25 – I work with others but not closely (for
example, private office)
50 – Slightly close (for example, shared office)
75 – Moderately close (at arm’s length)
100 – Very close (near
The CSO has constructed a proximity score for 296 four-digit
SOC10 occupations. Crucially, it then maps these to total employment,
percentage female, over-55 and non-Irish using Census 2016.
Using employment weights, the median proximity score for all workers is 57.6; the mean is 61.8.
The four digit occupation at the
median is Sales related occupations not
elsewhere classified. The lowest scoring occupation (least proximate) is Artists (21.5); the highest scoring is Paramedics (97).
The chart below shows the cumulative share of employment
(y-axis) by proximity score (x-axis) for the characteristics provided by the
CSO. The variation across charactistics is striking: female workers are more
likely to be in ‘lower proximity jobs’, almost 60 per cent are below the median
score for all workers. It is hard to pin-point a single occupation that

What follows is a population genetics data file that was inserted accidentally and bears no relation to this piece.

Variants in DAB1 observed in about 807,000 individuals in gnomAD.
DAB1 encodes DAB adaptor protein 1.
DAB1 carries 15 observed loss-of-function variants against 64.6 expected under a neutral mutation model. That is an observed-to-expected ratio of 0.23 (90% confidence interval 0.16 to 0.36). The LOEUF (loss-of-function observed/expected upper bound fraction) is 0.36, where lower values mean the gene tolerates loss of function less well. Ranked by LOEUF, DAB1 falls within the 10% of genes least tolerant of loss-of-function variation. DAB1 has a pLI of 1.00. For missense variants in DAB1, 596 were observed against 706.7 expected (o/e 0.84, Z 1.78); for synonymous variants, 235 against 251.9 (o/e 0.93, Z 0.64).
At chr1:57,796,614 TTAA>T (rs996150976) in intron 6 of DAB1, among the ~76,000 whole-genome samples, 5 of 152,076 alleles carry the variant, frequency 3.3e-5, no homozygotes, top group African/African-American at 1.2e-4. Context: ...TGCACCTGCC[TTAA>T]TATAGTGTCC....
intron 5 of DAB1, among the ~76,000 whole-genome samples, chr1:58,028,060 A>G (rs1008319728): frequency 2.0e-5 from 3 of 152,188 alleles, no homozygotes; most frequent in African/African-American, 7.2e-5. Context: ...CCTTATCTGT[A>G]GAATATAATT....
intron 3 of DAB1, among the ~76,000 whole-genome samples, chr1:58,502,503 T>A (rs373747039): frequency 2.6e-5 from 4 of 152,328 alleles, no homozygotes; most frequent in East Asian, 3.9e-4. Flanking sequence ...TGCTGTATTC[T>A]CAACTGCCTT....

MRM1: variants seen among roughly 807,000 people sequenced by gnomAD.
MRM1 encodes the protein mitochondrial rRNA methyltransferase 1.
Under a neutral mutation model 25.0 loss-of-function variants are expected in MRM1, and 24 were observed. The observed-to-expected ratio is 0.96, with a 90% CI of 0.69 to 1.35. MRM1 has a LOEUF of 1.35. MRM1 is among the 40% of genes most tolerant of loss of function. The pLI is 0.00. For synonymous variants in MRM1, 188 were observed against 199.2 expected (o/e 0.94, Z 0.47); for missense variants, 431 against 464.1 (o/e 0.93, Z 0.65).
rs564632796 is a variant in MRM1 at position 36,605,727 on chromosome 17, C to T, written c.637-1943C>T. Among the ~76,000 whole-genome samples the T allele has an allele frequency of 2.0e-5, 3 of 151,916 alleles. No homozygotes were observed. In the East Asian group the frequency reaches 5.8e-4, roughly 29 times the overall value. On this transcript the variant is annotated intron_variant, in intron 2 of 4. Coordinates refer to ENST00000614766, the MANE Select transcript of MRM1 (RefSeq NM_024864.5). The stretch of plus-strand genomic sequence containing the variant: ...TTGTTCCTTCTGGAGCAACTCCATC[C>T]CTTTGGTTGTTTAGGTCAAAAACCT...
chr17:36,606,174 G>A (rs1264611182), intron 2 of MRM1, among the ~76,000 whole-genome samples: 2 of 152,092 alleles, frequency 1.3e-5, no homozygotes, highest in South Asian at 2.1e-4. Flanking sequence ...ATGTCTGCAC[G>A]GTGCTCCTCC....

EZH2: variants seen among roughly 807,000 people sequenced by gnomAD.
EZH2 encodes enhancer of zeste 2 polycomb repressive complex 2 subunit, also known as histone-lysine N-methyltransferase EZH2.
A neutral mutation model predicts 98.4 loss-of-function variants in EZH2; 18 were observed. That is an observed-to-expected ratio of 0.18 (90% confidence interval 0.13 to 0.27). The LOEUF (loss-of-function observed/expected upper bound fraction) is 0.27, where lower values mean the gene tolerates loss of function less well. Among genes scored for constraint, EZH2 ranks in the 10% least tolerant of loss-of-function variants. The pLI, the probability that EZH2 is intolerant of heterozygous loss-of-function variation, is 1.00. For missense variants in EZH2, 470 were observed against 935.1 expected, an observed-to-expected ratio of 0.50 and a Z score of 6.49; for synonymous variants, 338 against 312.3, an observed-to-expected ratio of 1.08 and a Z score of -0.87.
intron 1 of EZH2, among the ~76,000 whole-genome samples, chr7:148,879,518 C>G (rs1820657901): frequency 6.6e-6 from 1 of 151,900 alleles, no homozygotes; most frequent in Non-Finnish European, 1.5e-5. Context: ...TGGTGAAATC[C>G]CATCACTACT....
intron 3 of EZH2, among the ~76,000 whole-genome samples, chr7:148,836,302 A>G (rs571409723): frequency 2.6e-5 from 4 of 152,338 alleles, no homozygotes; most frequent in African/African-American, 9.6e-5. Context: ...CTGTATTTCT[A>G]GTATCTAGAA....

contributes to this result for females, but a relatively higher concentration
in occupations like Chartered and
certified accountants, Cleaners and
domestics and Administrative
Occupations do stand out. By
contrast, male, younger and non-Irish workers are all more likely to be in high-proximity jobs, with just 40 per cent
below the median. The relatively higher
share of younger workers on the Pandemic Unemployment Payment (PUP) – 41 per
cent of under-25s are on PUP currently, compared with 21 per cent of over-25s –
tallies with the observation that more of these workers tend to be in higher
proximity occupations, and therefore more impacted by the Covid-related